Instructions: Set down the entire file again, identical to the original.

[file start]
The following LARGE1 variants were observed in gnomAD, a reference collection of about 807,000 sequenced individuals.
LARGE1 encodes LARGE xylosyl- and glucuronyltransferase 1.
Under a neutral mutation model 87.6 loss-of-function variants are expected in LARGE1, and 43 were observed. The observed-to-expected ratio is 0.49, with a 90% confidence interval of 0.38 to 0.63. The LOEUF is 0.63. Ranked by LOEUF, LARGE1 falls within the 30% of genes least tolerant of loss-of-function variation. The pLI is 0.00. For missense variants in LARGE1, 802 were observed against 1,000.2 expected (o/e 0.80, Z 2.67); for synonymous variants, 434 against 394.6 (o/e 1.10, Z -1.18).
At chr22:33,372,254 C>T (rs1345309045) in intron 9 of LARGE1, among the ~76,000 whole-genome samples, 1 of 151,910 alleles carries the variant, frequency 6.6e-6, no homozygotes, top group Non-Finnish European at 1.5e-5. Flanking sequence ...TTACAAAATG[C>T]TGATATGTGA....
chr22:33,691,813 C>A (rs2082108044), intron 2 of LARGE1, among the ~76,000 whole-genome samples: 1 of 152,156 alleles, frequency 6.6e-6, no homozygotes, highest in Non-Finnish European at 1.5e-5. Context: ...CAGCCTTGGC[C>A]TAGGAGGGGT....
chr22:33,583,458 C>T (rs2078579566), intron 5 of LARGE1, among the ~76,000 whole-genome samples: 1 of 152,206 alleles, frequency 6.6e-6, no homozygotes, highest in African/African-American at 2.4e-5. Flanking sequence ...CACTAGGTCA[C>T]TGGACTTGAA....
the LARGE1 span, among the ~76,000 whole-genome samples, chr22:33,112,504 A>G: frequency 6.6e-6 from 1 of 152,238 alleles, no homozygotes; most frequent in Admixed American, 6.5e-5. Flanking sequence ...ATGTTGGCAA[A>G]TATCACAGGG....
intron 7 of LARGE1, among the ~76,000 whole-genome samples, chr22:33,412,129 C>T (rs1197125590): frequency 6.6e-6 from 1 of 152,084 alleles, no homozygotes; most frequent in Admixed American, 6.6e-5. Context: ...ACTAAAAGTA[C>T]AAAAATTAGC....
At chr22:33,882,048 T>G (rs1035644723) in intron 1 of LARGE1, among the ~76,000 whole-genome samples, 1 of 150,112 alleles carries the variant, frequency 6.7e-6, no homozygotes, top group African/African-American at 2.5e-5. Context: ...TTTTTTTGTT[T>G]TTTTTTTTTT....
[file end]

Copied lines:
The following LARGE1 variants were observed in gnomAD, a reference collection of about 807,000 sequenced individuals.
LARGE1 encodes LARGE xylosyl- and glucuronyltransferase 1.
Under a neutral mutation model 87.6 loss-of-function variants are expected in LARGE1, and 43 were observed. The observed-to-expected ratio is 0.49, with a 90% confidence interval of 0.38 to 0.63. The LOEUF is 0.63. Ranked by LOEUF, LARGE1 falls within the 30% of genes least tolerant of loss-of-function variation. The pLI is 0.00. For missense variants in LARGE1, 802 were observed against 1,000.2 expected (o/e 0.80, Z 2.67); for synonymous variants, 434 against 394.6 (o/e 1.10, Z -1.18).
At chr22:33,372,254 C>T (rs1345309045) in intron 9 of LARGE1, among the ~76,000 whole-genome samples, 1 of 151,910 alleles carries the variant, frequency 6.6e-6, no homozygotes, top group Non-Finnish European at 1.5e-5. Flanking sequence ...TTACAAAATG[C>T]TGATATGTGA....
chr22:33,691,813 C>A (rs2082108044), intron 2 of LARGE1, among the ~76,000 whole-genome samples: 1 of 152,156 alleles, frequency 6.6e-6, no homozygotes, highest in Non-Finnish European at 1.5e-5. Context: ...CAGCCTTGGC[C>A]TAGGAGGGGT....
chr22:33,583,458 C>T (rs2078579566), intron 5 of LARGE1, among the ~76,000 whole-genome samples: 1 of 152,206 alleles, frequency 6.6e-6, no homozygotes, highest in African/African-American at 2.4e-5. Flanking sequence ...CACTAGGTCA[C>T]TGGACTTGAA....
the LARGE1 span, among the ~76,000 whole-genome samples, chr22:33,112,504 A>G: frequency 6.6e-6 from 1 of 152,238 alleles, no homozygotes; most frequent in Admixed American, 6.5e-5. Flanking sequence ...ATGTTGGCAA[A>G]TATCACAGGG....
intron 7 of LARGE1, among the ~76,000 whole-genome samples, chr22:33,412,129 C>T (rs1197125590): frequency 6.6e-6 from 1 of 152,084 alleles, no homozygotes; most frequent in Admixed American, 6.6e-5. Context: ...ACTAAAAGTA[C>T]AAAAATTAGC....
At chr22:33,882,048 T>G (rs1035644723) in intron 1 of LARGE1, among the ~76,000 whole-genome samples, 1 of 150,112 alleles carries the variant, frequency 6.7e-6, no homozygotes, top group African/African-American at 2.5e-5. Context: ...TTTTTTTGTT[T>G]TTTTTTTTTT....